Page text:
(October 26, 2020 / JNS) On Oct. 18, 2020, Israeli and Bahraini officials signed a normalization declaration in Manama, yet another step towards an official peace treaty. The establishment of peaceful relations between Israel and Bahrain and Israel and the United Arab Emirates is a significant milestone in Israel’s relations with the general Arab world, against the backdrop of the tectonic changes occurring in the Middle East, as well as the dramatic U.S. elections. Israel and the UAE have enjoyed fruitful cooperation in several areas for over two decades, but with the latest regional changes—along with the expected changes ahead—Abu Dhabi has realized it is time to “put things on the table” and that official agreements are of greater benefit than hidden relations.
The Middle East is somewhat like the Wild West: only the strong survive and the balance of powers is estimated daily, while all the players understand that he who fails to assess the situation accurately and make subtle regional alliances will very quickly be smothered by the extremist or financial aspirations of the others.
In his role as U.S. Secretary of Defense, General James Mattis labeled the UAE “Little Sparta” out of gratitude for its important aid to the United States during the war against Islamic State. “I respect and admire them for what they did and for what they can do,” said Mattis. Indeed, it seems that Abu Dhabi Crown Prince Sheikh Mohammed bin Zayed Al Nahyan (MBZ) is one of the most dominant characters in the area, a leader who wisely constructed and preserved a significant military and economic force despite the regional turbulence caused during the so-called Arab Spring. MBZ is considered to be the driving force behind some of the most significant occurrences in the Middle East, navigating the dynamic regional reality with great wisdom and taking initiative in the fields that were important to him before it was too late.
So what was it that made MBZ set off with a series of warm declarations and open the gates of his country to Israel? What are the hidden and overt motives for the Gulf states and other entities who are hurrying to jump on the peace bandwagon despite the infamous Arab League boycott of Israel? In one word: Obama.
In June 2018, the U.S. House of Representatives Commission of Inquiry revealed that the Obama administration—though declaring persistence regarding the sanctions on Iran—had misled Congress about U.S. relations with Iran by secretly trying to inject money to the regime while bypassing the terms of the 2015 Iran nuclear deal. This was perhaps hidden from the American public’s eyes, but was certainly visible to the Sunni states in the Arabian Gulf and especially to Saudi Arabia, all of whom realized with astonishment that unlike his predecessors, President Obama believed that the United States should strengthen its bonds with the extreme Shi’ite world as opposed to the Sunni axis. They all saw Obama’s complete support of the Muslim Brotherhood in Egypt, his choice to close his eyes in the face of Assad’s massacre of civilians in Syria and the strengthening of bonds with Iran even as the regime became significantly more extreme.
The crown prince of Abu Dhabi, who took office in 2005, and his brother Khalifa bin Zayed both witnessed, in the ’90s, Saddam Hussein’s invasion of Kuwait despite the American threat, and naturally realized the dangers of an Iran with American backing.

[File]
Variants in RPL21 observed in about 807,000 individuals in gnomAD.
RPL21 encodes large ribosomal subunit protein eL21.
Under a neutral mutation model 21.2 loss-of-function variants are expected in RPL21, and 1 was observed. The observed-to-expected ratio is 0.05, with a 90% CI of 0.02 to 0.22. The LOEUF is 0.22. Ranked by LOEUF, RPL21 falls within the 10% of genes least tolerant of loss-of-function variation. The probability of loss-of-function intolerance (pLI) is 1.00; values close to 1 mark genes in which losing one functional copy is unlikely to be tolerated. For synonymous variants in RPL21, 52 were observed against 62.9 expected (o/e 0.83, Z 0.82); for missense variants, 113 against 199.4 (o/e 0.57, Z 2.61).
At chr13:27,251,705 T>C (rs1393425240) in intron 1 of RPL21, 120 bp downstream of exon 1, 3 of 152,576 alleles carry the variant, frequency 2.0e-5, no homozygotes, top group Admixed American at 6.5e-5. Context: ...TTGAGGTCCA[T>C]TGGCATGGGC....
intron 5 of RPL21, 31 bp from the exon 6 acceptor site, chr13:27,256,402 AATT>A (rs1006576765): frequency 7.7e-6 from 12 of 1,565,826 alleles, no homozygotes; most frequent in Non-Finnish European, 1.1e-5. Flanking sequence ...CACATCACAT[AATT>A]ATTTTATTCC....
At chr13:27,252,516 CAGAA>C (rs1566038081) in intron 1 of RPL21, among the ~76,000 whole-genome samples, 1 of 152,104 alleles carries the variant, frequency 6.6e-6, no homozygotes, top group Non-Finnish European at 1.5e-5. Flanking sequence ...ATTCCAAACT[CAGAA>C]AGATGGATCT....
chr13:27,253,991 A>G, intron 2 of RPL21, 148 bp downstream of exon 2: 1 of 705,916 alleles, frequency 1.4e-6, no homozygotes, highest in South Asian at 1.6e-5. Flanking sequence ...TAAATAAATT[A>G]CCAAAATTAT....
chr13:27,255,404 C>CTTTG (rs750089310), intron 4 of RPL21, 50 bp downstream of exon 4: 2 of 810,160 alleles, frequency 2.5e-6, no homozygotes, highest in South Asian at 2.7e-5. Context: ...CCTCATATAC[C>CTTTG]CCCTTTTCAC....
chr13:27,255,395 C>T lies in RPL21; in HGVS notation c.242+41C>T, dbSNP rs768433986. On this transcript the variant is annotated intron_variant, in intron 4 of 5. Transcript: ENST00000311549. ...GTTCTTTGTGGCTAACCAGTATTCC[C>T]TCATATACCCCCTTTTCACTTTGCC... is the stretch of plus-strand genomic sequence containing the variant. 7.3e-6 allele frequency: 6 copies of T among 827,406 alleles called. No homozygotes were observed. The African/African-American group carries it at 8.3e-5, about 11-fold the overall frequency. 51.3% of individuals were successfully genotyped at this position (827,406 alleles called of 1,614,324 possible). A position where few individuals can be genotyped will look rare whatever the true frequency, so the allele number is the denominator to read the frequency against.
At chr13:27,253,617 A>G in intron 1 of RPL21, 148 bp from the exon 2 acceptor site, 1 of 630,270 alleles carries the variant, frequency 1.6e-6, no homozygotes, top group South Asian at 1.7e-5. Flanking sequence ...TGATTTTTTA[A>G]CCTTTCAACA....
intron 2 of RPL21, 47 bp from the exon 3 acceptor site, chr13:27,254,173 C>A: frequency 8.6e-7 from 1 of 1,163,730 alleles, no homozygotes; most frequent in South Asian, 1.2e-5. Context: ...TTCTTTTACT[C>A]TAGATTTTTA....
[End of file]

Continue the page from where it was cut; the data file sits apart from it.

“Mr. Obama, perhaps you prefer Iran and the Muslim Brotherhood over an 80-year-old friendship?” cried the headlines in the Asharq Al-Awsat newspaper, quoting the Saudi prince. Obama and Hillary Clinton represented the new Democratic-American approach to the Sunni states and it was surprising and threatening, abruptly ending 80 years of loyalty between the moderate Sunni axis and the United States.
Unlike the Obama administration, President Trump saw great importance in reorganizing the balance of powers in the Middle East. Trump’s aversion to the Shi’ite axis seeks to form a regional coalition of the pragmatic Sunni Arab states that can halt Iran together with the growing influence of China, Turkey and Russia in the Arab Gulf and the Middle East. With the U.S. presidential election approaching, the UAE, Bahrain and others worry Joe Biden will revive Obama’s heritage. They see Iran and Turkey gaining power and realize it’s more important to maintain their own power than to continue defending the Palestinian cause. As the regional challenges and potential dangers become visible, the right thing to do is to join forces with Israel as part of the pragmatic coalition which can achieve strategic, economic and security advantages with the help of the Trump administration ahead of time, and that will create a stable balance of power against the growing radical Shi’ite axis.
Peace is never stable and must be always maintained by a balance of power. The historic Abraham Accords mark the beginning of a normalization process with other Arab countries that can foster stability and prosperity by creating a new balance of power. Understanding of the new reality in the Middle East and the new regional balance of power will bring regional prosperity by leveraging the benefits of each country and reducing and neutralizing the axis that seeks a radical new Shi’ite order in the Middle East.
Lt. Col. (Res.) Yaron Buskila is the secretary general of “Habithonistim – Protectors of Israel.” He served in the IDF as battalion commander, special operations officer and commander of the Southern Command infantry training base.
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